Publication Date


Date of Final Oral Examination (Defense)


Type of Culminating Activity


Degree Title

Master of Science in Computer Science


Computer Science

Major Advisor

Dr. Bogdan Dit, Ph.D.


Dr. Casey Kennington, Ph.D.


Dr. Francesca Spezzano, Ph.D.


This work explores the attributes, properties, and potential uses of generative neural networks within the realm of encoding semantics. It works toward answering the questions of: If one uses generative neural networks to create a picture based on natural language, does the resultant picture encode the text's semantics in a way a computer system can process? Could such a system be more precise than current solutions at detecting, measuring, or comparing semantic properties of generated images, and thus their source text, or their source semantics?

This work is undertaken in the hope that detecting previously unknown properties, or better understanding them, could lead to new or improved methods of encoding and processing semantics in a computer system. Improvements in this space could affect many systems that make semantically based decisions. Being able to detect general or specific semantic properties, semantic similarity, or other semantic properties more effectively could improve tasks such as information retrieval, question answering, duplication (clone) detection, sentiment analysis, and others. Additionally, it could provide insight into how to better represent semantics in computer systems and thus bring us closer to general artificial intelligence.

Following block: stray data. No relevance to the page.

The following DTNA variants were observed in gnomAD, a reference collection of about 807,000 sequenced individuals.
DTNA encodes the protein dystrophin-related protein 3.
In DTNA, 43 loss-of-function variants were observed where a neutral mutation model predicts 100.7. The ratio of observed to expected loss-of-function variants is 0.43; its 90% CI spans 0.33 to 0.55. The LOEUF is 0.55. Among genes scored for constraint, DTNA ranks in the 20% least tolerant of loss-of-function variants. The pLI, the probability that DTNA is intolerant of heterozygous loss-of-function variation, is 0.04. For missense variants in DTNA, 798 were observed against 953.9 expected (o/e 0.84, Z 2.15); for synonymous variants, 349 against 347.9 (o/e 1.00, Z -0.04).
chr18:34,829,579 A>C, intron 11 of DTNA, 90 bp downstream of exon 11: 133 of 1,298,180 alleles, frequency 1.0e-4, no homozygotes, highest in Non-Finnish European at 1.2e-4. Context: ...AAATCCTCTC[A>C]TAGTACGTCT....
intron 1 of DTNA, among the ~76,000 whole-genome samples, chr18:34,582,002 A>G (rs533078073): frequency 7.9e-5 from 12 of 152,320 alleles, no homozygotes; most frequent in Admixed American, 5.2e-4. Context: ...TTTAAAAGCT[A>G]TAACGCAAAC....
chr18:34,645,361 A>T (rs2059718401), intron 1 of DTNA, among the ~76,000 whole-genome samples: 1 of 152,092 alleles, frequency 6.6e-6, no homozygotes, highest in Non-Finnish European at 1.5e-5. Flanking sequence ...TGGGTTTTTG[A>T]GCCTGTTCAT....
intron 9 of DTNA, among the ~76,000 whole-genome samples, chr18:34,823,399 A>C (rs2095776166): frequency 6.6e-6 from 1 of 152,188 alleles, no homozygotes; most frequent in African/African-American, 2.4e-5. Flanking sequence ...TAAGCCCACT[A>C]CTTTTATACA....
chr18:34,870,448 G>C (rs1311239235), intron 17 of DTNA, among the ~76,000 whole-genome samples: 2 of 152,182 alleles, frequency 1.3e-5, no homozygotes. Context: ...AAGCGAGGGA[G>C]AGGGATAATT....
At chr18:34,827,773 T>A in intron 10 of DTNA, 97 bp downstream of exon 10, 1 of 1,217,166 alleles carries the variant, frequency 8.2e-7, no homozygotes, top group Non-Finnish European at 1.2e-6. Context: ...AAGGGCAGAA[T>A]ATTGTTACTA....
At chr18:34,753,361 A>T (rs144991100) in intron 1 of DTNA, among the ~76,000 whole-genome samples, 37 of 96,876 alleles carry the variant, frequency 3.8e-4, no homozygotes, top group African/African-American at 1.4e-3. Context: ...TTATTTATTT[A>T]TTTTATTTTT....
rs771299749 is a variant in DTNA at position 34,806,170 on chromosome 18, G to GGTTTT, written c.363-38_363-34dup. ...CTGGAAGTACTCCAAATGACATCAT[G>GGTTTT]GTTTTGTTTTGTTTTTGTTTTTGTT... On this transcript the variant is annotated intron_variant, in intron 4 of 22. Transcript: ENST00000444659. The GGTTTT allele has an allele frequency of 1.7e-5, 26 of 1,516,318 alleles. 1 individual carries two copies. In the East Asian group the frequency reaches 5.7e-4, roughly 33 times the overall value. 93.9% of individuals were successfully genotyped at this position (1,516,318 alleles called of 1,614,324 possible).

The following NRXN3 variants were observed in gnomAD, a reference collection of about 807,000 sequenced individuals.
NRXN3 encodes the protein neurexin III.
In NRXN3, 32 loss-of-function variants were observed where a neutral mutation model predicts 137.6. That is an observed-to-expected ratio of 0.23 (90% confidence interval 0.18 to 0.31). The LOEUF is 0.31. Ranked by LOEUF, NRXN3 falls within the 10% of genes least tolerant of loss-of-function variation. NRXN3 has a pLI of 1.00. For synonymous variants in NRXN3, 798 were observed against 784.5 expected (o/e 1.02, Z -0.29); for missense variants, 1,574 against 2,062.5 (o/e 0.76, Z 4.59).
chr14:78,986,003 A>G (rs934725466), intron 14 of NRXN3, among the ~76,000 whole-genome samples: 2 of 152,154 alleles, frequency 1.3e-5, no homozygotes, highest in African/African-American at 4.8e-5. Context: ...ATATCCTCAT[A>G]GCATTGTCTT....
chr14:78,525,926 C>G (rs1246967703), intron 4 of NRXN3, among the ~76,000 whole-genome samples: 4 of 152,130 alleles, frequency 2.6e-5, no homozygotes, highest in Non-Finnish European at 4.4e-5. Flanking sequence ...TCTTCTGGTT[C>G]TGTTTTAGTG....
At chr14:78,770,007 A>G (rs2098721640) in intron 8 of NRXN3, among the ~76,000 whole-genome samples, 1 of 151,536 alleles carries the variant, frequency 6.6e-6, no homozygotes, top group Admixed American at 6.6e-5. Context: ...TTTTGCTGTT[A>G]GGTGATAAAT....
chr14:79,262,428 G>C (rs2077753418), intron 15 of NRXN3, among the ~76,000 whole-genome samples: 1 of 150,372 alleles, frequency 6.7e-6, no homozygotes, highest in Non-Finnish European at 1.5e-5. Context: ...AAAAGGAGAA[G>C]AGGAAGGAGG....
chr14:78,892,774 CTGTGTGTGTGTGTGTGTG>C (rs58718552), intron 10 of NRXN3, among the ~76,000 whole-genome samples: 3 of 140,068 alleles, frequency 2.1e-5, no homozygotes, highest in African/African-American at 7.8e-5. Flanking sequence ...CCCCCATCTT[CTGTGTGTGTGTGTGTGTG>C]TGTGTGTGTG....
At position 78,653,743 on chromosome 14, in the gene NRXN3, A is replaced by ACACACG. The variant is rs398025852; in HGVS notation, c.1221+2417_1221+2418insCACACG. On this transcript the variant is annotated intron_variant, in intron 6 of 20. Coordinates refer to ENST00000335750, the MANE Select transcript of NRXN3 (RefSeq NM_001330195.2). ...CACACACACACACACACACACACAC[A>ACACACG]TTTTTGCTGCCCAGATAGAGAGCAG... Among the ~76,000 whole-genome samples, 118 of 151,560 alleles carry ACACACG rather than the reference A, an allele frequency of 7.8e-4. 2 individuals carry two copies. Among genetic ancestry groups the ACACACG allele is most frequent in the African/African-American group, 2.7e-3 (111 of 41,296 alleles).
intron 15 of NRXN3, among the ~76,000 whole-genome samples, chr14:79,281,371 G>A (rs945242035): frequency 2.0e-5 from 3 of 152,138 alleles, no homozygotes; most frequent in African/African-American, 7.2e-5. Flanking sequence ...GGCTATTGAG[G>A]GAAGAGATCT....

To explore this space, this work starts with an experiment consisting of transforming pairs of texts into pairs of images via a generative neural network and exploring properties of those image pairs. The text pairs were known to either be textually and semantically identical, semantically similar, or semantically dissimilar. The resultant image pairs are then tested for similarity via a second neural network based process to investigate if the semantic similarity is preserved during the transformation process and thus, exists in the resultant image pairs in a quantifiable way.

Preliminary results showed strong evidence of resultant images encoding semantics in a measurable way. However, when the experiment was conducted on a larger dataset, and with the generative network more thoroughly trained, the results are weaker. An alternative experiment conducted on different datasets and configurations produced results that are still weaker than the preliminary experiments. These findings lead us to believe the promise of the preliminary results was possibly due to semantics being encoded by the vectorization of the words, and not by the generative neural network. This explanation seeks to clarify why, as the generative neural network took a larger role in the process, the results were worse, and as it took a smaller role, the results were better. Further tests were conducted to establish this belief and proved supportive.